# What's the correct approach to this RLC circuit problem about RMS voltage?

How are you supposed to determine $$\V_{C,RMS}\$$ without R, L or C?

I drew a phasor diagram and used $$\Z=\sqrt{R^2+(X_L-X_C)^2}\$$ but am unsure on how to proceed from here as I do not have values of R, L or C.

• Draw the phasor diagram. – Charles Cowie Feb 20 at 0:57
• I did, and using Pythagoras' Theorem I would be able to find the impedance and then the RMS current, but the problem is I don't know R, L or C to help me find those. – Kevin Feb 20 at 1:01
• Please tag this as homework and then provide your working so far so we can help. – mhaselup Feb 20 at 1:02

Basic LCR rule Vs=SQRT((Vl-Vc)^2+Vr^2) plus some algebra. This should be in the first few paragraphs of the LCR in series chapter of any AC theory textbook.

Have a look here... Page 3 has the information you need to solve this problem with only the voltages. learnabout-electronics.org/Downloads/ac_theory_module09.pdf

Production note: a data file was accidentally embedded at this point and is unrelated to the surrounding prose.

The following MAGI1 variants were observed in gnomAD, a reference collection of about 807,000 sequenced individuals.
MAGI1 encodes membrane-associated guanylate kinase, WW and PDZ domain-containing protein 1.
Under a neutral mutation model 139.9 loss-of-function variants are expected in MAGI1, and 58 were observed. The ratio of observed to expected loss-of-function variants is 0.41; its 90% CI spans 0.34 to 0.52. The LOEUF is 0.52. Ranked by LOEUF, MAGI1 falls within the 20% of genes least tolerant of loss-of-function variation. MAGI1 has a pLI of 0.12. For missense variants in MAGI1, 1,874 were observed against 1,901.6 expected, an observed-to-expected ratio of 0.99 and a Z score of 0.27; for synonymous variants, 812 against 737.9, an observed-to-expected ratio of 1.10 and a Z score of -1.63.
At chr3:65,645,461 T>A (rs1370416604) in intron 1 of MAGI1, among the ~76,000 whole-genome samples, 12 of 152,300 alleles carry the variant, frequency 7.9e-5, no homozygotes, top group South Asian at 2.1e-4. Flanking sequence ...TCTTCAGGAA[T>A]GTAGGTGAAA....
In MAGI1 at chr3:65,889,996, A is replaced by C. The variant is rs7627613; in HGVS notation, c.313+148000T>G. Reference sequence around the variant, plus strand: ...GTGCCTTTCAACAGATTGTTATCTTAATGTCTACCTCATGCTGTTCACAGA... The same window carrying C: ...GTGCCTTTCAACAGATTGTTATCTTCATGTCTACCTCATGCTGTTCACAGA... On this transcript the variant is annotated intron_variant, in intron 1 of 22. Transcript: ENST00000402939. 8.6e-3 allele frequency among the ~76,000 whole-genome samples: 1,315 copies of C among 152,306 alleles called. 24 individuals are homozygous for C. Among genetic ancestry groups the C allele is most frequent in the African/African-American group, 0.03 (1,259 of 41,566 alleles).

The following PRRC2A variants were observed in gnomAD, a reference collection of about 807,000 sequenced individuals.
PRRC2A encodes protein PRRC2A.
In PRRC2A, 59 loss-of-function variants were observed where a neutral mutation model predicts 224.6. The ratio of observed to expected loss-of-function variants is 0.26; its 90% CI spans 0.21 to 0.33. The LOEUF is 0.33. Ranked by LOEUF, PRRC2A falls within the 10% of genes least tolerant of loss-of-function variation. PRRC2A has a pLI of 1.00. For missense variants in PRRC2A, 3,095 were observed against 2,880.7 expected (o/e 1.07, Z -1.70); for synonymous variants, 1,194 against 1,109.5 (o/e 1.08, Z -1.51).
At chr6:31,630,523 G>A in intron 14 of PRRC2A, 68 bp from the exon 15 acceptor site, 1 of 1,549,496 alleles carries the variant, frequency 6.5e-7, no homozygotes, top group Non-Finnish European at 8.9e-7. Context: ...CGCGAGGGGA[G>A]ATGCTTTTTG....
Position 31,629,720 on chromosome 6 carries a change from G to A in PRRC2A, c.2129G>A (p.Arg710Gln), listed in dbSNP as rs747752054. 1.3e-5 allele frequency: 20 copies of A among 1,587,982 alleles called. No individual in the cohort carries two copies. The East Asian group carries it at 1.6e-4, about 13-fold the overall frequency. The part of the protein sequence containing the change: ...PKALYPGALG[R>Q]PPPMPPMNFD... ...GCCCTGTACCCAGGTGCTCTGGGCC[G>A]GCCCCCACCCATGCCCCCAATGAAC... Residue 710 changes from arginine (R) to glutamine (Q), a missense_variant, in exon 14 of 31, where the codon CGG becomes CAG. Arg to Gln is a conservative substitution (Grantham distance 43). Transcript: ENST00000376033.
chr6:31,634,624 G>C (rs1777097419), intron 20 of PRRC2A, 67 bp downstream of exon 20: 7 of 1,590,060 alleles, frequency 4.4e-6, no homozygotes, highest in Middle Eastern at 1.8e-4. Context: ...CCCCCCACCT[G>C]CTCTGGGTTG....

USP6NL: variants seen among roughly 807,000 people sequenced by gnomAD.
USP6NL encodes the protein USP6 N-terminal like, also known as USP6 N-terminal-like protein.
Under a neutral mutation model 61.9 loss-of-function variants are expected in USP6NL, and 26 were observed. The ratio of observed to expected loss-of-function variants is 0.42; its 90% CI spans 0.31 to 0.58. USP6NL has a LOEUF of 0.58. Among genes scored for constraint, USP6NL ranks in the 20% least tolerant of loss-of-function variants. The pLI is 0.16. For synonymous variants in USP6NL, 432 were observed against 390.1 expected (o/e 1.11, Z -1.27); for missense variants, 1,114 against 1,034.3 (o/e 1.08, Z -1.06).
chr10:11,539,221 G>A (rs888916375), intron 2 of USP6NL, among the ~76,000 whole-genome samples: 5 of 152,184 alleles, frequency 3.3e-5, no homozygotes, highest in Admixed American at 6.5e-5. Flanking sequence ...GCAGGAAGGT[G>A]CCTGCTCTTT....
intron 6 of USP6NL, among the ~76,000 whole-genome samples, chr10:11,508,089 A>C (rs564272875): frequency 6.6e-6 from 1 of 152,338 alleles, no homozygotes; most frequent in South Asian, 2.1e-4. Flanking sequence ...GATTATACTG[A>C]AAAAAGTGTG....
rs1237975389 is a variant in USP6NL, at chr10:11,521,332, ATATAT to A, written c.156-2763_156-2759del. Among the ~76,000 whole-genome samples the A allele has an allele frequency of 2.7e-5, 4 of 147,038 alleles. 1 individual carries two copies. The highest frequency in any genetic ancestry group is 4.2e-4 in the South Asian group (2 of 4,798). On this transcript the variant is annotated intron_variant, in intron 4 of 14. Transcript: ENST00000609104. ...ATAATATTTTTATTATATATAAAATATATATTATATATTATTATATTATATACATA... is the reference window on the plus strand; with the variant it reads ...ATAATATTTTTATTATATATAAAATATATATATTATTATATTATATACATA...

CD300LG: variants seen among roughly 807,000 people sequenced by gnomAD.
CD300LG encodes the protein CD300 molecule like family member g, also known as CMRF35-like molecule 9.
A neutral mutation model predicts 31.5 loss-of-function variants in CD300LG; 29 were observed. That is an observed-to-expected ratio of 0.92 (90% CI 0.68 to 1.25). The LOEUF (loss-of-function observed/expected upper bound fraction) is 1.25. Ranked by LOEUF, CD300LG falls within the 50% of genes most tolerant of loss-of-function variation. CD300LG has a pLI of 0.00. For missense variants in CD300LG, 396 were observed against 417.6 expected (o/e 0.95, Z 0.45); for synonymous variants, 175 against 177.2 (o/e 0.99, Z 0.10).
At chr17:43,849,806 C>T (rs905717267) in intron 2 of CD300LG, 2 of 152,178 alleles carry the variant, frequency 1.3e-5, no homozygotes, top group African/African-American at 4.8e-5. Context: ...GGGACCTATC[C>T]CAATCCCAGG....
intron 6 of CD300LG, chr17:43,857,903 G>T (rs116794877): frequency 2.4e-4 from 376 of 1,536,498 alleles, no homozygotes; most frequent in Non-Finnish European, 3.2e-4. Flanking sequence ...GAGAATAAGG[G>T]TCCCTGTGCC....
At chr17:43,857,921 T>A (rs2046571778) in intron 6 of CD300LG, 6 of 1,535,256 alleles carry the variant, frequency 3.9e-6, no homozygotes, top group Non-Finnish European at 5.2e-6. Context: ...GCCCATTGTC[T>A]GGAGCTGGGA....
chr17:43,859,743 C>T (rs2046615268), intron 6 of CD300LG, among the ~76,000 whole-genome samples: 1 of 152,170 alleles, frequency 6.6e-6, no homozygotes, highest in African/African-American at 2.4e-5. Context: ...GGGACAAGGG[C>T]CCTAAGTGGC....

Also here... https://byjus.com/physics/lcr-circuit/

This is a series resonant circuit. The reactive impedance of the capacitor is subtracted from that of the inductor.

You have the voltages for the overall circuit, the resistor and inductor. Since the voltage is proportional to the resistance/reactances you effectively know the information you need to know to do the calculation.

Draw a diagram of the overall circuit voltages i.e. 200, 100 and deduce the voltage due to combined reactance (of L and C) from that. It is 173.2 volts.

Now calculate voltage across the capacitor (bearing in mind the combined reactance is that of the inductor minus the capacitor).

This is essentially an algebra problem involving square roots. It may have more than one answer. It is also a series RLC circuit. The current is the same flowing through all three components.

The phasor voltages add vectorially to give the line voltage which is 200 volts rms.

In other words : sqrt( (resistive voltage)^2 + (total reactive voltage)^2 ) = total line voltage

The total reactive voltage is: coil voltage - capacitor voltage.

When the total equation is solved there are two answers: 123 volts and 223 volts. The solution is found by plugging both voltages into the original equation. The wrong voltage will not give the correct answer. The other answer, 223 volts RMS, is the correct capacitor voltage. That the total reactive voltage is negative indicates a capacitive circuit.